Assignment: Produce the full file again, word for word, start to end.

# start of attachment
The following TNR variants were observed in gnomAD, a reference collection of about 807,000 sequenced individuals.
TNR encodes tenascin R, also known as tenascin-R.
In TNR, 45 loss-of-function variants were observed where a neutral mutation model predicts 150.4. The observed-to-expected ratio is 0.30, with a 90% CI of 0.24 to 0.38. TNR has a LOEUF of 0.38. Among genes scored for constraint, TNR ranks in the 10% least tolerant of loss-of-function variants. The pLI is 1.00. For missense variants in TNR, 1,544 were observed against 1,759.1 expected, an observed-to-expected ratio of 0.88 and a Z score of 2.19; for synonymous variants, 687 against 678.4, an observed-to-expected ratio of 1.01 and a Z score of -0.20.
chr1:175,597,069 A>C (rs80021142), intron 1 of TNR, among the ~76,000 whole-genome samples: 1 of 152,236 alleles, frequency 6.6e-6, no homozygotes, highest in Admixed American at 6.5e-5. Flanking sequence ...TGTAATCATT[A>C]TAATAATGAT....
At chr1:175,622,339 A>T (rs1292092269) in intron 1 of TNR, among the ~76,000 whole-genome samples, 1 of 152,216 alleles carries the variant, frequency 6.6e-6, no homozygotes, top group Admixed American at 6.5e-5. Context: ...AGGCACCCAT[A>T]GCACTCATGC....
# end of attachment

The following TNR variants were observed in gnomAD, a reference collection of about 807,000 sequenced individuals.
TNR encodes tenascin R, also known as tenascin-R.
In TNR, 45 loss-of-function variants were observed where a neutral mutation model predicts 150.4. The observed-to-expected ratio is 0.30, with a 90% CI of 0.24 to 0.38. TNR has a LOEUF of 0.38. Among genes scored for constraint, TNR ranks in the 10% least tolerant of loss-of-function variants. The pLI is 1.00. For missense variants in TNR, 1,544 were observed against 1,759.1 expected, an observed-to-expected ratio of 0.88 and a Z score of 2.19; for synonymous variants, 687 against 678.4, an observed-to-expected ratio of 1.01 and a Z score of -0.20.
chr1:175,597,069 A>C (rs80021142), intron 1 of TNR, among the ~76,000 whole-genome samples: 1 of 152,236 alleles, frequency 6.6e-6, no homozygotes, highest in Admixed American at 6.5e-5. Flanking sequence ...TGTAATCATT[A>C]TAATAATGAT....
At chr1:175,622,339 A>T (rs1292092269) in intron 1 of TNR, among the ~76,000 whole-genome samples, 1 of 152,216 alleles carries the variant, frequency 6.6e-6, no homozygotes, top group Admixed American at 6.5e-5. Context: ...AGGCACCCAT[A>T]GCACTCATGC....